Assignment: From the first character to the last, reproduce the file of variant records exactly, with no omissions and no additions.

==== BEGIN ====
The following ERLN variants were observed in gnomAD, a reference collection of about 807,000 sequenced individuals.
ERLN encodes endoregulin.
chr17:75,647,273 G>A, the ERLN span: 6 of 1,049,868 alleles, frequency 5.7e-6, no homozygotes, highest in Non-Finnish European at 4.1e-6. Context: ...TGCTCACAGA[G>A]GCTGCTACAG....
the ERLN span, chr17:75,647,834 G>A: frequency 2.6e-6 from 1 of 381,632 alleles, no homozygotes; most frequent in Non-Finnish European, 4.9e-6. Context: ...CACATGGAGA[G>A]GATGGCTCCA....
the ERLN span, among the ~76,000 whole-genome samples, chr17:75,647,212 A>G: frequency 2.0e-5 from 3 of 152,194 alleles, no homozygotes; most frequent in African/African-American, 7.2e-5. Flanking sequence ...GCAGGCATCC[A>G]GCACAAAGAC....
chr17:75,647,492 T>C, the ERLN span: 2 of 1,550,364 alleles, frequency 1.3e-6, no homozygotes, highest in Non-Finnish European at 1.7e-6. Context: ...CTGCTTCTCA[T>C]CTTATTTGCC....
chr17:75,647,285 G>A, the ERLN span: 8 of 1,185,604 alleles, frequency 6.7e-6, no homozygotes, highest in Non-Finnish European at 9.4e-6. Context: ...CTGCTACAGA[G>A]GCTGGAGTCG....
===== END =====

The following ERLN variants were observed in gnomAD, a reference collection of about 807,000 sequenced individuals.
ERLN encodes endoregulin.
chr17:75,647,273 G>A, the ERLN span: 6 of 1,049,868 alleles, frequency 5.7e-6, no homozygotes, highest in Non-Finnish European at 4.1e-6. Context: ...TGCTCACAGA[G>A]GCTGCTACAG....
the ERLN span, chr17:75,647,834 G>A: frequency 2.6e-6 from 1 of 381,632 alleles, no homozygotes; most frequent in Non-Finnish European, 4.9e-6. Context: ...CACATGGAGA[G>A]GATGGCTCCA....
the ERLN span, among the ~76,000 whole-genome samples, chr17:75,647,212 A>G: frequency 2.0e-5 from 3 of 152,194 alleles, no homozygotes; most frequent in African/African-American, 7.2e-5. Flanking sequence ...GCAGGCATCC[A>G]GCACAAAGAC....
chr17:75,647,492 T>C, the ERLN span: 2 of 1,550,364 alleles, frequency 1.3e-6, no homozygotes, highest in Non-Finnish European at 1.7e-6. Context: ...CTGCTTCTCA[T>C]CTTATTTGCC....
chr17:75,647,285 G>A, the ERLN span: 8 of 1,185,604 alleles, frequency 6.7e-6, no homozygotes, highest in Non-Finnish European at 9.4e-6. Context: ...CTGCTACAGA[G>A]GCTGGAGTCG....